purchase bread,

only kindness that raises its head
from the crowd of the world to say
it is I you have been looking for,
and then goes with you every where
like a shadow or a friend.

As we heal. Perhaps kindness is what makes sense. Perhaps we should look for it like a shadow or a friend.

I left calm, grounded and grateful for a community of kindness. Transcending pain is not rising above it; it is greeting it and acknowledging it….even if you have to drive to Frisco/Fraser along the way.


Nitty Gritty Dirty Grief

What’s Your Role

What’s your role?

It has been a frightening, tiring week for our Mito Families. As they have worried about liver function, seizures and fevers in the hospital, my concern this evening has been: will I have to sit in the middle seat on a four hour flight from Boston?

I do hate the middle seat.

I hate seizures and fevers more.

I am now in seat 17 E.

In prepping for my Boston meeting, we asked each other what is our role in the meeting? And we went around the table defining our purpose.

I will bring up the issue of the contract.

I will secure pricing

I will close the online project

We all have a role. A reason for coming to the table. A reason for making the trip

As the parent of a medically fragile child, you have a role, many times you have several roles at once; I am nurse, I am advocate, driver, bather, nutritionist, seizure monitor, interpreter of my child’s illness…..I am Mom.

You wake up in the morning with an undeniable sense of purpose. That sense of purpose carries you through the hardest decisions, the longest nights, the bitter battles with medical teams.

This week as one mito kid after another went into the hospital with frightening symptoms, I found myself searching for my purpose; I am obsessive facebook checker, I am rambling message leaver, worrier, pray-er, meal leaver.

And I would be lying if I said I wouldn’t trade positions with any of my poor, worried, sleep deprived hospital moms. I would. I would in a New York minute.

But that is no longer my role.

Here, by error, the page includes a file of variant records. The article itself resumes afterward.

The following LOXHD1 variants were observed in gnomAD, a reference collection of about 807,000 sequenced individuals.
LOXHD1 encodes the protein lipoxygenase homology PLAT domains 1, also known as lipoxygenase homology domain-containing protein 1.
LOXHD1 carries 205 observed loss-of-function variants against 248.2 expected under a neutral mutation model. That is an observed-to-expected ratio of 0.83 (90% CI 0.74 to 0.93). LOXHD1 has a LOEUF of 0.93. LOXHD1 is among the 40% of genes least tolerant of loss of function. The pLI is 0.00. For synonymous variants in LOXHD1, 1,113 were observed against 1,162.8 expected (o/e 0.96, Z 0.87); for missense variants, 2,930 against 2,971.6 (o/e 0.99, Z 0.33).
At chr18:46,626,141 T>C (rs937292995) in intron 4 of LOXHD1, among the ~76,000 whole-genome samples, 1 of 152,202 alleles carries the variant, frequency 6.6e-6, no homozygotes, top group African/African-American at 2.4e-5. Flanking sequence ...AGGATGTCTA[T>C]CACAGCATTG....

So I had to have a heart-to-heart with myself this week. I had it when I made pans of chicken enchiladas for our inpatient families; I had it again when I delivered lunch, and yet again when I checked facebook for the 20th time on my phone.

You can walk away from this, Myself said to Me.

It wouldn’t matter, I said. I would still search for my place, role. I would still worry about our mito families. But I wouldn’t have my community by my side; this crazy, passionate, med-givin’, suctioning, mama-bear, big girl-pants wearing community. And I love that community.

Last Friday, I did a quick stop-in to Robert and his Mama and Daddy. It was at that time, when changing a poopy pillow, when I realized that I feel closest to her when I am helping this community that Samantha created.

Poopy pillows tend to bring moments of clarity to me.

In our meeting today, our agenda was thrown out the window by the client and instead of talking about contracts and pricing, we had a three hour discussion about strategy. It was a fantastic meeting.

And roles we so carefully defined were null and void.

Tonight, as I cozy up in the middle seat, tenderly swaddled between two strangers, I realize my role is to someday come to peace with my lack of a role; Manager of Heather’s Harmony. The job description is vague as I feel it is forever evolving. There are however, several ‘action items’ effective immediately with this new role:

– Do not covet the life of your friends when they are in the ICU with their sick child. It will do no one any good

– Love and cherish the tiny family of you and your husband. This is sacred space

– Remember what she taught you and use it to make a difference- no matter how small that difference is

– Cherish and honor Samantha’s memory. This too is sacred space

– Eat chocolate and enjoy a glass of wine if you have to sit in the middle space

Undeniable sense of purpose.